Acne sufferers 'look younger for longer'

Teenagers cursed with acne may have the last laugh over their peers with perfect skin, new research suggests.

Their cells have a built-in protection against ageing that is likely to make them look better in later life, a study has found.

By the time she reaches middle age, the spotty girl who could never find a boyfriend could be attracting envious glances from her grey and wrinkly peers.

Experts had already noted that signs of ageing such as wrinkles and thinning skin often appear much later in people who have experienced acne. Now, scientists believe they may have discovered why.

A study of white blood cells taken from individuals afflicted by spots showed they had longer protective caps on the ends of their chromosomes.

Called telomeres, the caps can be compared with the plastic tips that stop shoe laces becoming frayed. They help prevent the chromosomes, packages of DNA, deteriorating and fusing with their neighbours during cell division.

Telomeres shrink over time and are closely linked to biological ageing — people with long telomeres age more slowly than people with short ones.

The research shows that acne sufferers tend to have significantly longer telomeres and may therefore be blessed with the gift of long-lasting youthfulness.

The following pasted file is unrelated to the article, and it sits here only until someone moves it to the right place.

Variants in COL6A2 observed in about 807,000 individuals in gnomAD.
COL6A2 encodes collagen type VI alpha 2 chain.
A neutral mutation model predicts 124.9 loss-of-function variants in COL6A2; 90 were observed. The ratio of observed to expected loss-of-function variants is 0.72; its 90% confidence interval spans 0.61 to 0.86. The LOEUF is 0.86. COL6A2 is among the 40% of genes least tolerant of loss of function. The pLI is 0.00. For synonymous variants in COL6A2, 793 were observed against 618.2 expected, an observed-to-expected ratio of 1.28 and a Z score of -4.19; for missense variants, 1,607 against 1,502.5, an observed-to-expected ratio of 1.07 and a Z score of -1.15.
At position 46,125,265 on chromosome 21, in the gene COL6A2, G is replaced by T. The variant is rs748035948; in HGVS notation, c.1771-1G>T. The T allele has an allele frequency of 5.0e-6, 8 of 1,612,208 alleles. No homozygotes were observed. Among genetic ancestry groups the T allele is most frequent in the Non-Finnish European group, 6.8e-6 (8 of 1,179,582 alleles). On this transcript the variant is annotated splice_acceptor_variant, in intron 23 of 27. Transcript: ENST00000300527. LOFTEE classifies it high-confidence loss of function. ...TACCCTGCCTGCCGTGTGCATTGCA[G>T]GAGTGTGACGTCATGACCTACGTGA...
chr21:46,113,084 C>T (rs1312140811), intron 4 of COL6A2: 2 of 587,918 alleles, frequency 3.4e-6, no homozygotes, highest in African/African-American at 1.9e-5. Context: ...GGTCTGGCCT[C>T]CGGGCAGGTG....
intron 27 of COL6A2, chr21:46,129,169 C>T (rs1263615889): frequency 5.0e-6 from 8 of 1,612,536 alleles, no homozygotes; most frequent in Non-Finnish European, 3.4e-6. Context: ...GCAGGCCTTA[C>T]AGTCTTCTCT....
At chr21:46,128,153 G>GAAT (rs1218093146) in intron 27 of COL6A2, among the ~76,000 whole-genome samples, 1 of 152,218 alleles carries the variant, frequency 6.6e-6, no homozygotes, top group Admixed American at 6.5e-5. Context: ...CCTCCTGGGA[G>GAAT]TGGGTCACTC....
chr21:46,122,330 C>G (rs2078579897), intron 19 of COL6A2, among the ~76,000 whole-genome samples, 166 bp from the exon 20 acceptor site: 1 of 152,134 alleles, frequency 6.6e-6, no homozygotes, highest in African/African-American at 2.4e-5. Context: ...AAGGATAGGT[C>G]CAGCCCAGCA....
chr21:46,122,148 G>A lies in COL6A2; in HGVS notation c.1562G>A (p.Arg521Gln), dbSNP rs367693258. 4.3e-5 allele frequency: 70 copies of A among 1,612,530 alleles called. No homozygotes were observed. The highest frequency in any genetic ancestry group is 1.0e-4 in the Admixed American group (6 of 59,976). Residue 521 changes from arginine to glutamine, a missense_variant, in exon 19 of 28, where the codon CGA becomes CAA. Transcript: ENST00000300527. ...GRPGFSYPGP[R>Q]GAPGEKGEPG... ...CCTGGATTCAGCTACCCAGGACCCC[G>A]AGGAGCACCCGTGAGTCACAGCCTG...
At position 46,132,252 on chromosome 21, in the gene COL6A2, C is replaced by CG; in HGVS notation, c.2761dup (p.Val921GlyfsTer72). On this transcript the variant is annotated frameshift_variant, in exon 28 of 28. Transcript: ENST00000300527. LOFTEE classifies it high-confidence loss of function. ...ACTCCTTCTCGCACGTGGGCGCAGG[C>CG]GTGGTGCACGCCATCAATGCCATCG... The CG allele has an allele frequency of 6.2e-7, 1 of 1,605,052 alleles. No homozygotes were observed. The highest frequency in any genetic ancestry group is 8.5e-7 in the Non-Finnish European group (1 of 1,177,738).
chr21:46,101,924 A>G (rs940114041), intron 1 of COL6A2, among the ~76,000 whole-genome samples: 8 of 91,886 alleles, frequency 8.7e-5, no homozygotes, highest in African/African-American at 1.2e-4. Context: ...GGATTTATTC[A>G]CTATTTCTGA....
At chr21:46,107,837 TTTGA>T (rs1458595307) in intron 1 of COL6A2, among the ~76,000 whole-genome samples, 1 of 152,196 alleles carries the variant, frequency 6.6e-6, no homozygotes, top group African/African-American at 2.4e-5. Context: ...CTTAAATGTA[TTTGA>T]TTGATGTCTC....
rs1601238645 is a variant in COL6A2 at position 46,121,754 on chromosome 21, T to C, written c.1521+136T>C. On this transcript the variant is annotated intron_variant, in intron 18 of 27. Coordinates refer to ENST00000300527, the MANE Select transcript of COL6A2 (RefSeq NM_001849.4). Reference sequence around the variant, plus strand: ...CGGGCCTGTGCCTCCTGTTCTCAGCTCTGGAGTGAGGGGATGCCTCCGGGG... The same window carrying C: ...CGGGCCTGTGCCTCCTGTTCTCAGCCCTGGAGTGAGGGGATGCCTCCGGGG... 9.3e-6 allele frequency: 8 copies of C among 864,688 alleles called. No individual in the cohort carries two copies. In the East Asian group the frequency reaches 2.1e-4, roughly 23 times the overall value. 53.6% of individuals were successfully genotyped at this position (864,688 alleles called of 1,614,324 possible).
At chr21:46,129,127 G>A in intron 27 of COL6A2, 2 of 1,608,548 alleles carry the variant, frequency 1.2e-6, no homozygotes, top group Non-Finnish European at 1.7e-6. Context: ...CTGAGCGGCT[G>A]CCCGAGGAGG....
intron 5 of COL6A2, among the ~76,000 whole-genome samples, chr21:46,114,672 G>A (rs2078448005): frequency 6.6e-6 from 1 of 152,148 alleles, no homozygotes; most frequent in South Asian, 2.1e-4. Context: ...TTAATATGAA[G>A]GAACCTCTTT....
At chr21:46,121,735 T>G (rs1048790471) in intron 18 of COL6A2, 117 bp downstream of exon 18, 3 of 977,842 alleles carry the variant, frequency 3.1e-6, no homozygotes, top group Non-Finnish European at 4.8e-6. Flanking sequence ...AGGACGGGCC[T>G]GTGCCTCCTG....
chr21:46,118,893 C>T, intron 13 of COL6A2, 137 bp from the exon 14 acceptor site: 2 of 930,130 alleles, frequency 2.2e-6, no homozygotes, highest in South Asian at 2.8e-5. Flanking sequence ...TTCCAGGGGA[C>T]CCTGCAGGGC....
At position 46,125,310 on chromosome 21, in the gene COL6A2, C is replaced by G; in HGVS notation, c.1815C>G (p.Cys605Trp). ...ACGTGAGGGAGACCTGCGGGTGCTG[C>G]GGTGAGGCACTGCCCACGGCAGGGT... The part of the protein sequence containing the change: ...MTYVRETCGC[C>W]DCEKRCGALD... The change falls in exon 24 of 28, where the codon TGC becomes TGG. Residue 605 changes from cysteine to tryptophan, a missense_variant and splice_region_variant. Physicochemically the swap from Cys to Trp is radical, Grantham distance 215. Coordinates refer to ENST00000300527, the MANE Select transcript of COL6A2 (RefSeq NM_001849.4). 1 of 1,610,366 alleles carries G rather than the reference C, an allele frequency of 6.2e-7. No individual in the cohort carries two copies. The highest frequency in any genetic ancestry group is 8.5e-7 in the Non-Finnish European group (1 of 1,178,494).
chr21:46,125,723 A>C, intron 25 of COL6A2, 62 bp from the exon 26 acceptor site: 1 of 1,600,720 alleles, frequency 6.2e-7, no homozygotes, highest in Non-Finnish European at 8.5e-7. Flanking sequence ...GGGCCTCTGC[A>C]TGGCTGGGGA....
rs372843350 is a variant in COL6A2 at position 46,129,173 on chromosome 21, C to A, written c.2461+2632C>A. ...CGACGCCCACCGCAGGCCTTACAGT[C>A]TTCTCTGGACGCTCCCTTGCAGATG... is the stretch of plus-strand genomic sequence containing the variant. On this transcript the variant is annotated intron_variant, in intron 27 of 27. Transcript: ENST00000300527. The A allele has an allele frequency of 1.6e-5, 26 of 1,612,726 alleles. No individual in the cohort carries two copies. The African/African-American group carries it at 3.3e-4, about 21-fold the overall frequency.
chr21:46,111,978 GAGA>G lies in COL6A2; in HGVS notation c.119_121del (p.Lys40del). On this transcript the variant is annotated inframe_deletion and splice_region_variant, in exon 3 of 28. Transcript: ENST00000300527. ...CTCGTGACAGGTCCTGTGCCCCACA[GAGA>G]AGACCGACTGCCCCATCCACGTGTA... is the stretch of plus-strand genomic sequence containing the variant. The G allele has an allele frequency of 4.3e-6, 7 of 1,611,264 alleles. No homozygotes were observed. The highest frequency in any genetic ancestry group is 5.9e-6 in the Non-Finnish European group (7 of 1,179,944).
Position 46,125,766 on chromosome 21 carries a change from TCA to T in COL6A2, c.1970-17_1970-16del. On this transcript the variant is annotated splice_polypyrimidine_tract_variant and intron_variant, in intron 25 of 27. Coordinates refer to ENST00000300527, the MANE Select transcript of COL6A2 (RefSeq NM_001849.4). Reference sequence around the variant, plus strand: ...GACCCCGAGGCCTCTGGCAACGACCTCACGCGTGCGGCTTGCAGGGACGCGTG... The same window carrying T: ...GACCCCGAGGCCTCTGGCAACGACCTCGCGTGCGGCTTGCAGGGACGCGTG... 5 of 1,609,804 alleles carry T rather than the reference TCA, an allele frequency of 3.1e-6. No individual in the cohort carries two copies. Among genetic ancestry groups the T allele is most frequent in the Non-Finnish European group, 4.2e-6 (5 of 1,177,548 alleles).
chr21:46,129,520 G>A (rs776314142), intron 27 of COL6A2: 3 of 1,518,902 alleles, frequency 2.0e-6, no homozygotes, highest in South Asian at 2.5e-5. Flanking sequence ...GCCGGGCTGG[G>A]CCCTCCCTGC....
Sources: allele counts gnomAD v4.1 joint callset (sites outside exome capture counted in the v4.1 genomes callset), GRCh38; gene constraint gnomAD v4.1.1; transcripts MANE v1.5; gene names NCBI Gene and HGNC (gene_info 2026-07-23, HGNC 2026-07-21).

The study, published in the Journal of Investigative Dermatology, focused on 1,205 female twins, a quarter of whom had acne.

One of the genes involved in telomere length was also found to be associated with acne, suggesting that being spotty did not slow ageing but flagged up what was happening in a person’s cells.

Analysis of skin samples from the twins highlighted a gene pathway called p53, which regulates apoptosis, or “programmed cell death” — a kind of cell suicide.

When telomeres become too short, it can trigger a series of events that lead to apoptosis. The p53 pathway was shown to be less active in the skin of acne sufferers, although this is still under investigation.

Report co-author Veronique Bataille, King’s College London, said: “Longer telomeres are likely to be one factor explaining the protection against premature skin ageing in individuals who previously suffered acne.”

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